Real-World Corticosteroid Utilization Patterns in Patients with Metastatic Castration-Resistant Prostate Cancer in 2 Large US Administrative Claims Databases
Marie-Hélène Lafeuille, MA, Jonathan Gravel, MSc, Amanda Grittner, MA, Patrick Lefebvre, MA, Lorie A. Ellis, PhD, Scott McKenzie, MD
Prostate cancer is the most frequently diagnosed noncutaneous malignancy in males and is a leading cause of cancer-related morbidity and mortality among men in the United States.1,2 The American Cancer Society has estimated that approximately 238,600 new cases of prostate cancer will be diagnosed in 2013, and that approximately 29,700 men will die of the disease.3
Although patients with cancer represent only 1% of commercially insured patients, 10% of commercial health insurance expenditures is spent on this patient population.1 Throughout 2012, the conversation about mounting business pressures on oncology practices to address this discrepancy has been dominated by 3 topics—the viability of accountable care organizations (ACOs) as a model for delivery of oncology care, payer efforts to standardize cancer care through the implementation of oncology clinical pathways, and how these emerging care delivery systems would affect oncology
New Oncology Care Delivery Payment Models to Enhance Care Efficiency
Review of US Comparative Economic Evidence for Treatment of Metastatic Renal Cell Carcinoma after Failure of First-Line VEGF Inhibitor Therapy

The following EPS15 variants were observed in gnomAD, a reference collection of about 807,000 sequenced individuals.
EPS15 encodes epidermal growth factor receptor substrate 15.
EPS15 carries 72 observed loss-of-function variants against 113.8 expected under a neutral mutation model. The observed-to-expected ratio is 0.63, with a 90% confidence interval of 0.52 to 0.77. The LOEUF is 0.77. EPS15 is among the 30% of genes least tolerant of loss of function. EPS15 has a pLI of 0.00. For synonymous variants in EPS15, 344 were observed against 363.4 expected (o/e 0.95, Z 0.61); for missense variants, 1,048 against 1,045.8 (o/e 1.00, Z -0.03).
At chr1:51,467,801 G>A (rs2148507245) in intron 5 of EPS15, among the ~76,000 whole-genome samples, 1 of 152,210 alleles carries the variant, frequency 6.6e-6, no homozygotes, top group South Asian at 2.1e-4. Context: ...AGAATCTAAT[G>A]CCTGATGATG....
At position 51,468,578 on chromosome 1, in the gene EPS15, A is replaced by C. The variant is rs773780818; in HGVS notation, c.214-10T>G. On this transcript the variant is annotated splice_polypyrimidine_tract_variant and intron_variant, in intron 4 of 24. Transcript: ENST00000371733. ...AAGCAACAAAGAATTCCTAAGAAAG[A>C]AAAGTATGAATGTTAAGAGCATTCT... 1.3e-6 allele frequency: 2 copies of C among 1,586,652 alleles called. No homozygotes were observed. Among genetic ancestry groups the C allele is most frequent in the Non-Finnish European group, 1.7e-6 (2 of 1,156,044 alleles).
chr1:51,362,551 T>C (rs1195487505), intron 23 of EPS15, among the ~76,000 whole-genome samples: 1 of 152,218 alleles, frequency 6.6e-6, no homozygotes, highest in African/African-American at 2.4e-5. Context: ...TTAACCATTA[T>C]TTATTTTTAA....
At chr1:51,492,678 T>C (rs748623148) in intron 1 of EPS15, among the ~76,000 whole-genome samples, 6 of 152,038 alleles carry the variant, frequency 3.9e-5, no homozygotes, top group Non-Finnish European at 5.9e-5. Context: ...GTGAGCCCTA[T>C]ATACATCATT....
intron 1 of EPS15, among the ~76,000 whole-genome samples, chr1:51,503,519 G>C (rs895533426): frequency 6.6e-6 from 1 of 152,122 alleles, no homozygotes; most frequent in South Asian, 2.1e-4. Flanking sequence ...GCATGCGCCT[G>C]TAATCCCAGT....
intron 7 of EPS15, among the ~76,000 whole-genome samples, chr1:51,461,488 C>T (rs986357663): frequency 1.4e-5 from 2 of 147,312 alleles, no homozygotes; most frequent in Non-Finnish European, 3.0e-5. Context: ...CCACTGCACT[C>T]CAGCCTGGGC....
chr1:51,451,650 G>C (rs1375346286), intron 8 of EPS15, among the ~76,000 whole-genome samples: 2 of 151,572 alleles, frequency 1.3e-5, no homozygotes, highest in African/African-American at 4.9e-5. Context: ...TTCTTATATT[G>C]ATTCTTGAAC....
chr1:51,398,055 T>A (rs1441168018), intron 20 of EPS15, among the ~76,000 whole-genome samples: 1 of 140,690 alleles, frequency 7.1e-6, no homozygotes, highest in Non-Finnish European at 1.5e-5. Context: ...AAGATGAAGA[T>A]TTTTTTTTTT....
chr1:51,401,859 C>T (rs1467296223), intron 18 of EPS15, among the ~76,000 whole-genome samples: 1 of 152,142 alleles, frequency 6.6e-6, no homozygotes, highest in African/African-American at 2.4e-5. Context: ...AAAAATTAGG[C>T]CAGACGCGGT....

Renal cell carcinoma (RCC) comprises 92% of all kidney cancers and has a poor prognosis, with approximately 10% of patients with metastatic disease surviving beyond 5 years.1 In 2006, the economic burden of metastatic RCC (mRCC) was estimated to be up to $1.6 billion worldwide and has since grown annually.2 A recent review reported that the economic burden of RCC in the United States ranges from $600 million to $5.19 billion, with annual per-patient medical costs of between $16,488 and $43,805.3 Furthermore, these costs will likely increase with the expanded
Cost and Effectiveness of Therapies for Advanced Kidney Cancer: The Need for Economic and Clinical Analyses
Abby Swanson Kazley, PhD, Kit N. Simpson, DrPH, Annie Simpson, PhD, Edward Jauch, MD, Robert J. Adams, MD
Stroke remains a leading cause of disability and is the fourth leading cause of death in the United States.1,2 Approximately 780,000 strokes occur in the United States annually; in 2004, stroke accounted for 1 of every 16 deaths.3 The burden of stroke is especially high in South Carolina, which is central within the so-called Stroke Belt.4-7 The Stroke Belt is an 11-state region in the southeastern United States that has been characterized as having a particularly high incidence of stroke.
Stroking This South Carolina Model: Will It Play in Peoria?
A Value-Based Analysis of Hemodynamic Support Strategies for High-Risk Heart Failure Patients Undergoing a Percutaneous Coronary Intervention
David Gregory, MPA, Dennis J. Scotti, PhD, MBA, Gregory de Lissovoy, PhD, MPH, Igor Palacios, MD, Simon Dixon, MD, Brijeshwar Maini, MD, William O’Neill, MD
More than 1 in 3 American adults have at least one type of cardiovascular disease, which is the leading cause of death in the United States for men and women.1 The total annual burden of heart disease is estimated to be $312.6 billion in combined direct and indirect costs.1 In addition to an overall annual cost of more than $34 billion,2 heart failure is one of the main medical conditions necessitating acute hemodynamic support.
Careful Selection of Candidates for Percutaneous Ventricular Assist Device Is Crucial
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Results 51 - 60 of 114
Results 51 - 60 of 114